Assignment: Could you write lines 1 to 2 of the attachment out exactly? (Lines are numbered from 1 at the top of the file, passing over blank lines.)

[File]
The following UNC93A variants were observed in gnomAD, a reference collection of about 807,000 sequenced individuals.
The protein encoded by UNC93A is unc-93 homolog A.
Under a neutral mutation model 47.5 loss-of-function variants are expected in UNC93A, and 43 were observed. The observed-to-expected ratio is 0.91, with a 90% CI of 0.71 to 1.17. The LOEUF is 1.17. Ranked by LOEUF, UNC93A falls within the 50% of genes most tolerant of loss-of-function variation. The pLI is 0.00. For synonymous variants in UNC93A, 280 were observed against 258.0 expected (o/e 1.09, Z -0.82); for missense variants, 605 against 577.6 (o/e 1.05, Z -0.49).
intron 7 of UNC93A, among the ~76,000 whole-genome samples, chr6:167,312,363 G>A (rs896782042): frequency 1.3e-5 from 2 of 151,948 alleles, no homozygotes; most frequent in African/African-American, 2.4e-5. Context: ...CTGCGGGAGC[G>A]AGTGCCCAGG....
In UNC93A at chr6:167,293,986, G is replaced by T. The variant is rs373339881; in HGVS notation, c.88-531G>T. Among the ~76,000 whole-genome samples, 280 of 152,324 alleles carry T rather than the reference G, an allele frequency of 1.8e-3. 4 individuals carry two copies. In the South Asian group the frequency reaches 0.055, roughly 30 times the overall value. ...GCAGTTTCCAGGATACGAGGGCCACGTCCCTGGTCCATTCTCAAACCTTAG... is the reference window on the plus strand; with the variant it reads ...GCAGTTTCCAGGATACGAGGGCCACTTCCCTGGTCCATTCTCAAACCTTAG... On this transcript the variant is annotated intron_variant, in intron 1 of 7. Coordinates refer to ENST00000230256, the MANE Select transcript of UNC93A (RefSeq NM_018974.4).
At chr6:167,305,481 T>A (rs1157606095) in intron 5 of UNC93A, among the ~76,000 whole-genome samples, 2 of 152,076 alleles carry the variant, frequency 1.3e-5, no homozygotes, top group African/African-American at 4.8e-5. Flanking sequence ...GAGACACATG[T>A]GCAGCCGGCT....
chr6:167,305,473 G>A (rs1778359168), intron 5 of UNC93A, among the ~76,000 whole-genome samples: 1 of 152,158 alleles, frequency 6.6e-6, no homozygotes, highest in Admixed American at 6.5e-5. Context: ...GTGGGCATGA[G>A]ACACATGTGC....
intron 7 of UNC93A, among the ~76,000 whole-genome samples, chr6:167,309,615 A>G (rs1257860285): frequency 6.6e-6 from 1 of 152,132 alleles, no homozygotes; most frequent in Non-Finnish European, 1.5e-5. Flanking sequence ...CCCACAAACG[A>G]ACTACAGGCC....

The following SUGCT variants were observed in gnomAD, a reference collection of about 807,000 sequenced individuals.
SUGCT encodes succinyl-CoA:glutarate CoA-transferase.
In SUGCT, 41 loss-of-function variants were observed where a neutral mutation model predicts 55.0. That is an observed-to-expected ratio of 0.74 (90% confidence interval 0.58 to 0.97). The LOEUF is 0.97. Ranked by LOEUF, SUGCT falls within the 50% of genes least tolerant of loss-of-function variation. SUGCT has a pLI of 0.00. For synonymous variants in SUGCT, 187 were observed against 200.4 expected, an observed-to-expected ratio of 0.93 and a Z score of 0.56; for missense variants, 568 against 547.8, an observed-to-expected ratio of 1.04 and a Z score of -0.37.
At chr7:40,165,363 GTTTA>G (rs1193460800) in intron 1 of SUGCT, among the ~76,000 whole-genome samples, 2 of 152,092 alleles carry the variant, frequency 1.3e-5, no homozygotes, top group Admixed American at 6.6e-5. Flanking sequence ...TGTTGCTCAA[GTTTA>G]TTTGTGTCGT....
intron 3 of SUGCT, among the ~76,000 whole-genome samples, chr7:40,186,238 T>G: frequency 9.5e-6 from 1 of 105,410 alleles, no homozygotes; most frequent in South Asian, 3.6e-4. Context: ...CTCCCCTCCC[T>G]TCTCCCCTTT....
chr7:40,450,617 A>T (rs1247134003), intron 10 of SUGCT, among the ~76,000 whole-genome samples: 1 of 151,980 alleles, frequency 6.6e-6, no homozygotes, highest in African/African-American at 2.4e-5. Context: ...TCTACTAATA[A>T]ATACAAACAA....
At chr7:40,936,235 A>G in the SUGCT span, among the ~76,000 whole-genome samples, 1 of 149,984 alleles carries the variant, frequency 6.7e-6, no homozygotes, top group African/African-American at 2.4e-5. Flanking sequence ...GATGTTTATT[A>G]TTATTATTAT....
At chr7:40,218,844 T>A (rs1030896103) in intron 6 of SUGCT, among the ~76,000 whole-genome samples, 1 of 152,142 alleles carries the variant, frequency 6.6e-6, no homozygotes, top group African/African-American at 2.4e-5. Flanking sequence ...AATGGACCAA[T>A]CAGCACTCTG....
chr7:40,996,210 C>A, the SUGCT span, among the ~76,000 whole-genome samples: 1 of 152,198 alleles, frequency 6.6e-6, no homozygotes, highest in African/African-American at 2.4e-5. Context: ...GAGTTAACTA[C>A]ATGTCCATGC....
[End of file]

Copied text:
The following UNC93A variants were observed in gnomAD, a reference collection of about 807,000 sequenced individuals.
The protein encoded by UNC93A is unc-93 homolog A.